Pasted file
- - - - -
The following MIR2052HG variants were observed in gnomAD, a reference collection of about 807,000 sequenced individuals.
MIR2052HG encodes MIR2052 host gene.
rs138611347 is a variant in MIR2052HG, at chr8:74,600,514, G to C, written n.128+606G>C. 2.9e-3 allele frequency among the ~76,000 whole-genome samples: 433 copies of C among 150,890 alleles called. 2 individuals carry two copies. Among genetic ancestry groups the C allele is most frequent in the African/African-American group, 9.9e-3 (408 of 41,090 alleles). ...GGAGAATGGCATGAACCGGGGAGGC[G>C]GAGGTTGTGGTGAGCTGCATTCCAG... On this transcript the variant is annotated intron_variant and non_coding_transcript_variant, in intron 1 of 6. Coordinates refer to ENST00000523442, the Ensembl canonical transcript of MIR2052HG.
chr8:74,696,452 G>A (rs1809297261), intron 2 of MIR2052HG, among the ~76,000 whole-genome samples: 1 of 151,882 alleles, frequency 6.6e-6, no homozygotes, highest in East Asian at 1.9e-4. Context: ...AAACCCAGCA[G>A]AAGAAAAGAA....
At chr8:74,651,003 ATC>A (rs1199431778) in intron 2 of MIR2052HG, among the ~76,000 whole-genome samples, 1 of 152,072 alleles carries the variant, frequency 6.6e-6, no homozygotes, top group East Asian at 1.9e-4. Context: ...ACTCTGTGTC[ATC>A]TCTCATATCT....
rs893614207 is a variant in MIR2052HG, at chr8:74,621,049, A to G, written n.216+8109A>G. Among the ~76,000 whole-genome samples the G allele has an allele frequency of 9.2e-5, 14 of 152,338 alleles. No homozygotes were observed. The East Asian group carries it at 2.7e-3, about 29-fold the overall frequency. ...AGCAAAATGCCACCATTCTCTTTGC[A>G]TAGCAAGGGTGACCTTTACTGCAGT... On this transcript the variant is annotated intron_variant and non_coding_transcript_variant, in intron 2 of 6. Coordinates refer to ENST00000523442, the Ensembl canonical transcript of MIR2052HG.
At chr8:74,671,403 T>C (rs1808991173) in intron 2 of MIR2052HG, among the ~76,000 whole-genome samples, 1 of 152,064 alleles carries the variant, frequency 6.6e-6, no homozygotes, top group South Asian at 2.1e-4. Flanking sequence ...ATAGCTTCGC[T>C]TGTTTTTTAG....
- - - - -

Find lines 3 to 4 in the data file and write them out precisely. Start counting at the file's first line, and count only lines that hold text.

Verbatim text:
rs138611347 is a variant in MIR2052HG, at chr8:74,600,514, G to C, written n.128+606G>C. 2.9e-3 allele frequency among the ~76,000 whole-genome samples: 433 copies of C among 150,890 alleles called. 2 individuals carry two copies. Among genetic ancestry groups the C allele is most frequent in the African/African-American group, 9.9e-3 (408 of 41,090 alleles). ...GGAGAATGGCATGAACCGGGGAGGC[G>C]GAGGTTGTGGTGAGCTGCATTCCAG... On this transcript the variant is annotated intron_variant and non_coding_transcript_variant, in intron 1 of 6. Coordinates refer to ENST00000523442, the Ensembl canonical transcript of MIR2052HG.
chr8:74,696,452 G>A (rs1809297261), intron 2 of MIR2052HG, among the ~76,000 whole-genome samples: 1 of 151,882 alleles, frequency 6.6e-6, no homozygotes, highest in East Asian at 1.9e-4. Context: ...AAACCCAGCA[G>A]AAGAAAAGAA....